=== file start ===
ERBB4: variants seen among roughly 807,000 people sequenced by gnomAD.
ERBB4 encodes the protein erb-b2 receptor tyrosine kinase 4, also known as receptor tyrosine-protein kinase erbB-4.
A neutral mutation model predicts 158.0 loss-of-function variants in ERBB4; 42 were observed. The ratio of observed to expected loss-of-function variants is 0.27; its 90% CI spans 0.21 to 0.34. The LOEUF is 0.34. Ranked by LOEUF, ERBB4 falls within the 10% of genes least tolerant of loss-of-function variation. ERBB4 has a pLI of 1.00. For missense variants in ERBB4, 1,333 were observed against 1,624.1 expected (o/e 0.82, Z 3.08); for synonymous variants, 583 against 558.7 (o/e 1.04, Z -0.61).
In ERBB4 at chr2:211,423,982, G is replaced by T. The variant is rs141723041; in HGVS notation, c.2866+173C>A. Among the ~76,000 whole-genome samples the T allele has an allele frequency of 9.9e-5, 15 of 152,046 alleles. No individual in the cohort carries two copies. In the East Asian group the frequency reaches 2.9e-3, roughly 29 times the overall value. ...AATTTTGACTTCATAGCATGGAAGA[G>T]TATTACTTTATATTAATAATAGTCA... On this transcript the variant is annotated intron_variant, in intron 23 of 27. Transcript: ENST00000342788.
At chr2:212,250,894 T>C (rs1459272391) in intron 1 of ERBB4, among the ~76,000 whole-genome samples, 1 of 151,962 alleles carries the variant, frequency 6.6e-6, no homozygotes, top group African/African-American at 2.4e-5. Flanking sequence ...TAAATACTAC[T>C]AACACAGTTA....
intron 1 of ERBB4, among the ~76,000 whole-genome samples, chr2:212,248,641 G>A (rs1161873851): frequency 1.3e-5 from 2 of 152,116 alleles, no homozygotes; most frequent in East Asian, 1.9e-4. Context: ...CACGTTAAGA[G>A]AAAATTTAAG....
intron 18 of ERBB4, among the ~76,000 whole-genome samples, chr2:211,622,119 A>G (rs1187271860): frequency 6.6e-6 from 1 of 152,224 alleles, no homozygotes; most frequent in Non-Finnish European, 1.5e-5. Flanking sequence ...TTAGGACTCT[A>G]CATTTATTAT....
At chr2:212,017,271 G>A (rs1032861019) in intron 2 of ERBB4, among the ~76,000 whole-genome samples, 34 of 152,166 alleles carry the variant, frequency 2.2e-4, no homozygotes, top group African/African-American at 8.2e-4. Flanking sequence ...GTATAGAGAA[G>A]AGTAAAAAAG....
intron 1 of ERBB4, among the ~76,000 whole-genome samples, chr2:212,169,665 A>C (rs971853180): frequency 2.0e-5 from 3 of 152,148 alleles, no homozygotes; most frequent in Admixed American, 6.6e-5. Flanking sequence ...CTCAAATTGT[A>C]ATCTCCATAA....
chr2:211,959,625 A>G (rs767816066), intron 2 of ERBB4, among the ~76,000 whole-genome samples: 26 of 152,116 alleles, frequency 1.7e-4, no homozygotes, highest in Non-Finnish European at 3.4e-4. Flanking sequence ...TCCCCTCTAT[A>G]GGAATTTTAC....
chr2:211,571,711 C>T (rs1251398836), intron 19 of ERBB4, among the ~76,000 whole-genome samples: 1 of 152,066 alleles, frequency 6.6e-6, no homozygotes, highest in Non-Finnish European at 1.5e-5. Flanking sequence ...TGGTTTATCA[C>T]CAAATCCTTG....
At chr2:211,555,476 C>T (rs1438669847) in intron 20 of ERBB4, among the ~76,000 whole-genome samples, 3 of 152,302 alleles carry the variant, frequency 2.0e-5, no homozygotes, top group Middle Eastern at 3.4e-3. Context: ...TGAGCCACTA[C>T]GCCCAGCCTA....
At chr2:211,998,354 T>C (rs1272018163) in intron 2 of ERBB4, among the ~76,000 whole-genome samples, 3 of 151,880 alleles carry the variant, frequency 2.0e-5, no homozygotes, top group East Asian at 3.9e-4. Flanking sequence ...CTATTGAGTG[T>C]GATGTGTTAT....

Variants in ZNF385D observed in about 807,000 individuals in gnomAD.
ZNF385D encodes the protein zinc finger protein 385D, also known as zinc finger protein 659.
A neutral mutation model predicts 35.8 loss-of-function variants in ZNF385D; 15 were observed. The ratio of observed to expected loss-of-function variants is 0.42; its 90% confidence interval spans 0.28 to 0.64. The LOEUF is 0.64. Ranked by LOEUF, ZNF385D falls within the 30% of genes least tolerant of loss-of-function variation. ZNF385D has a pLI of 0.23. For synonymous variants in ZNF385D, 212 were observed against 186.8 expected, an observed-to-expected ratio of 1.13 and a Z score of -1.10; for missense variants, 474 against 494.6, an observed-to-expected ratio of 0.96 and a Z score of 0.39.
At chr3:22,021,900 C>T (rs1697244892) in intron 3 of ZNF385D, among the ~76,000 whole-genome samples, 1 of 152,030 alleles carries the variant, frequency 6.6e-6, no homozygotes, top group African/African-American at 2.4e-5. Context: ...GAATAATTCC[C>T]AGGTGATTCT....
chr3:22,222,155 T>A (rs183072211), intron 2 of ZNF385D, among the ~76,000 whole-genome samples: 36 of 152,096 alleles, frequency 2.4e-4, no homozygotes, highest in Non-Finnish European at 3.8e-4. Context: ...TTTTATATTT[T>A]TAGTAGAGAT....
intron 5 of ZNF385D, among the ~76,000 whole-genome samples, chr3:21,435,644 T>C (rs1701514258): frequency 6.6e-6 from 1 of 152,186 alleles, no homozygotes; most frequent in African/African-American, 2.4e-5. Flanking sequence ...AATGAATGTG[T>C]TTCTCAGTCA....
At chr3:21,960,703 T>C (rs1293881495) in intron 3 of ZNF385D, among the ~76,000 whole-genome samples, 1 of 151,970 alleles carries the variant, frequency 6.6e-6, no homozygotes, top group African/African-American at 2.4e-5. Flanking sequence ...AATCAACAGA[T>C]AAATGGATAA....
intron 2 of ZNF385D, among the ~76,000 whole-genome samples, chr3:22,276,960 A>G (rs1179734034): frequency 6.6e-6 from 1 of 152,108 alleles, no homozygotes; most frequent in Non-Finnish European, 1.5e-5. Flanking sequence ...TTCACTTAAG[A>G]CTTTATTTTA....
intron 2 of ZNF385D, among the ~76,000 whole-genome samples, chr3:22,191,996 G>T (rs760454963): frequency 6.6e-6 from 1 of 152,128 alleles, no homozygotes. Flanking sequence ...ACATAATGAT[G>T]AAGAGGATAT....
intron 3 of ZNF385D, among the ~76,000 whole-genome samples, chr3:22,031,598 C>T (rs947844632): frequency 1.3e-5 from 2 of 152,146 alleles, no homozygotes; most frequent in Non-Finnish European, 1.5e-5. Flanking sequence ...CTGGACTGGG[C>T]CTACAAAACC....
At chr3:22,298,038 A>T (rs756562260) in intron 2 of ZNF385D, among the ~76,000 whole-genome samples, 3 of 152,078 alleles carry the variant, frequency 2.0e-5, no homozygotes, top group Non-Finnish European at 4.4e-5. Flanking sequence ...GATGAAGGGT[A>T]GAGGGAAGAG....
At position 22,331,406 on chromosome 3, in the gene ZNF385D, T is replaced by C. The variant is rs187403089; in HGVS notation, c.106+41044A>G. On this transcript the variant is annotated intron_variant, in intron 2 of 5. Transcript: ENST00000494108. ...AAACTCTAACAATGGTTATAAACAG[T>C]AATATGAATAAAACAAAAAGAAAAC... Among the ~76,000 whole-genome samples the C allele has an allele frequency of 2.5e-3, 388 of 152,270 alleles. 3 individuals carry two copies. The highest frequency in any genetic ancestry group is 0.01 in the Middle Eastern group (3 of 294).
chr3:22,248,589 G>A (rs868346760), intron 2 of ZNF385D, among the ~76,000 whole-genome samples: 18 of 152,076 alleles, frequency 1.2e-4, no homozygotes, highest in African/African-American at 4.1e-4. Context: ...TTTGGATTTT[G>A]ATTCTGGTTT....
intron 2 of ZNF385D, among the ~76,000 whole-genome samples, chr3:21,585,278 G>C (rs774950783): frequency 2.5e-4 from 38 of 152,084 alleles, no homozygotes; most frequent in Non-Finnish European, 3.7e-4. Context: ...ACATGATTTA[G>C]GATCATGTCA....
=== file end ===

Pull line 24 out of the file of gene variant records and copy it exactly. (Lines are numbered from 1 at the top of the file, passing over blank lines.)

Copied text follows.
At chr3:22,298,038 A>T (rs756562260) in intron 2 of ZNF385D, among the ~76,000 whole-genome samples, 3 of 152,078 alleles carry the variant, frequency 2.0e-5, no homozygotes, top group Non-Finnish European at 4.4e-5. Flanking sequence ...GATGAAGGGT[A>T]GAGGGAAGAG....